-Where this is not possible, hang garbage in the same way as food.
-Remember:”pack it in, pack it out”. This includes ALL garbage (including biodegradable items such as fruit peel).
2.Seeing and avoiding bears.
3.If you spend much time in the rural areas, the chances of seeing a black bear are quite reasonable. Watching bears in their natural environment from a safe, respectable distance can be incredible thrilling. Positive experiences are far more common than negative ones. Although extremely rare, aggressive meetings between people and bears sometimes occur. To avoid them:
-hike in a group and during daylight hours.
-if a bear hears you coming, it will usually avoid you. Bears feel threatened if surprised. Talk and sing songs as you walk – especially in dense brush where visibility is limited, near running water or when the wind is in your face. Your voice will help bears to identify you as human.
-be aware. Learn about and watch for bear sign. Overturned rocks or broken-up, rotten logs can be a sign that a bear has been foraging for grubs or insects. Claw marks on trees, five toed tracks in the dirt or snow, berries on the ground, plant root diggings or fur on the bark of trees are all sings that a bear has just been in the area.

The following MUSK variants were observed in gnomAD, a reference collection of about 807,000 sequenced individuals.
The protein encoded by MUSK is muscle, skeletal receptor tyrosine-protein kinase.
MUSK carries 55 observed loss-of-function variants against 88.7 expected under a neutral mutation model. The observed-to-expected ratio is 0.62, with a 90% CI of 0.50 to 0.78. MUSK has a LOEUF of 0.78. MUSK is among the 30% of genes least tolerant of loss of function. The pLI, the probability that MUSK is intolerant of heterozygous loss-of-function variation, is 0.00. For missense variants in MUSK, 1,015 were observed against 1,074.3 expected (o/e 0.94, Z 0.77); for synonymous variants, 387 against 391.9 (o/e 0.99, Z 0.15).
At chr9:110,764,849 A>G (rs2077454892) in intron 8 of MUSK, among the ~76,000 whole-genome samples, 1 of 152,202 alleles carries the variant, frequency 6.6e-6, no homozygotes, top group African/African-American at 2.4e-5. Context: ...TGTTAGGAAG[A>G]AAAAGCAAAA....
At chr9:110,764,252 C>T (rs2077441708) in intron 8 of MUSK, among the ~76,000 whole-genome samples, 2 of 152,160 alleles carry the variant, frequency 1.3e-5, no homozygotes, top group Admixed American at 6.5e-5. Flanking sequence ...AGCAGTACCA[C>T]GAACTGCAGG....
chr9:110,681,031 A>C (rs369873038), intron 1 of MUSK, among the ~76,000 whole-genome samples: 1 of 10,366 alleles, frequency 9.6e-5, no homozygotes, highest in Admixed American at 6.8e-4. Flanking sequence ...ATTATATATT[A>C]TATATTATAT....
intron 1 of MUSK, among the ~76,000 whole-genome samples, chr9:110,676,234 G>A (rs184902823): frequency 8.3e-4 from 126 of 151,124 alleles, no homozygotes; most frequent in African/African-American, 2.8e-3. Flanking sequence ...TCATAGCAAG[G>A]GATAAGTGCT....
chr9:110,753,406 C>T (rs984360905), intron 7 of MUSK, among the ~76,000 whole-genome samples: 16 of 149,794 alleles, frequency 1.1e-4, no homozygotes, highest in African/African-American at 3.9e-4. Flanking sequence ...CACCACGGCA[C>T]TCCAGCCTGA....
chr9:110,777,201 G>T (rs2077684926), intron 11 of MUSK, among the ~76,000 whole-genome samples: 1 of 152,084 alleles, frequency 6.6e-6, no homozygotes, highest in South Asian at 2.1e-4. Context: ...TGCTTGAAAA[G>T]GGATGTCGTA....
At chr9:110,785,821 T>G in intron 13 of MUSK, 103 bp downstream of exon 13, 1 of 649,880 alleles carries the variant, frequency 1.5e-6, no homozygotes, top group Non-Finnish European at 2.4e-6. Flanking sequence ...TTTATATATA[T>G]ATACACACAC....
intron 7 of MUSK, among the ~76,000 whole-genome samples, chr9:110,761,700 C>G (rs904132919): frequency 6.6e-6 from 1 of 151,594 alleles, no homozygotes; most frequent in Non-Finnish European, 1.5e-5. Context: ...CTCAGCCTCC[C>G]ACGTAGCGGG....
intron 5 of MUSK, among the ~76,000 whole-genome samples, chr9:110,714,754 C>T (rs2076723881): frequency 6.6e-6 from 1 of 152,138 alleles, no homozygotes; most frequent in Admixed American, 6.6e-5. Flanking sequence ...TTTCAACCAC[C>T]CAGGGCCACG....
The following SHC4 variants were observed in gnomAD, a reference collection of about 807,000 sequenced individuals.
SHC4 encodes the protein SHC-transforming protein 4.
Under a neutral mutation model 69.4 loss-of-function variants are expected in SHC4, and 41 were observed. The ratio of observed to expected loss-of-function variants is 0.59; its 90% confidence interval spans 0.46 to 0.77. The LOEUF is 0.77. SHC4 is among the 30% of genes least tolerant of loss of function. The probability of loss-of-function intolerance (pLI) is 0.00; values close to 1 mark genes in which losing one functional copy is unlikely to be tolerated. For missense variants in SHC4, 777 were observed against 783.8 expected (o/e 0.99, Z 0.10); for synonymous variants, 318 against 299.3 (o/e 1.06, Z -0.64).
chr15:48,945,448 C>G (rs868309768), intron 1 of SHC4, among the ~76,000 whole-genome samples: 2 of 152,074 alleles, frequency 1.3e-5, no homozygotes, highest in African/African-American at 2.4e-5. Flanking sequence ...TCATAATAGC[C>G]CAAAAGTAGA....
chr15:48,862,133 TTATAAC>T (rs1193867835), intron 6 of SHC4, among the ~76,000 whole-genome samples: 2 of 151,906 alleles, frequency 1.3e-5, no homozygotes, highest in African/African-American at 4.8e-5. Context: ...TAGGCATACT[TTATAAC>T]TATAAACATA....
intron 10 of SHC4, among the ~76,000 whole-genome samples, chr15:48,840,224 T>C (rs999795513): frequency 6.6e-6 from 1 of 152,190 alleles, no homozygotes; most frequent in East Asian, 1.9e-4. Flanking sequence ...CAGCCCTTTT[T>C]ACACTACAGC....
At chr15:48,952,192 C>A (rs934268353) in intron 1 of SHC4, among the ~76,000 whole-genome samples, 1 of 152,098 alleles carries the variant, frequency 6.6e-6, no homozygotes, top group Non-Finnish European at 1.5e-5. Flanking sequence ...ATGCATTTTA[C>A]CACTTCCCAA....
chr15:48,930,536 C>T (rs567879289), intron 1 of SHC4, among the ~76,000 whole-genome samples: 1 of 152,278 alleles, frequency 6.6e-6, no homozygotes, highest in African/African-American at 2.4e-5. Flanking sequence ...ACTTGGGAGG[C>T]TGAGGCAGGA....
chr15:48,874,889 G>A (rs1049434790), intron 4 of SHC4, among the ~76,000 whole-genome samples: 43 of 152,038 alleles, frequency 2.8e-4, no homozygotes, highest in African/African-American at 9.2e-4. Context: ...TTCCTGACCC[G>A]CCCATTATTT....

-stay away from the abundant food sources and dead animals – bears may be foraging in the area or protecting a carcass.
-keep dogs on a leash and under control. Dogs may be helpful in detecting bears, butthey may also fight with them or lead them back to you.
4.-avoid wearing scented cosmetics and hair products. Carry bear deterrent peper spray.
Encounters with aggressive beats are extremely rare. Attacks are even rarer.
The tips in this safety guide will help prevent bear-human conflicts, but it is always good to be prepared for an encounter.
There is no fool-proof way of dealing with a bear encounter (each bear and encounter is different) but the following responses have worked in the past:
if you see a bear in the distance .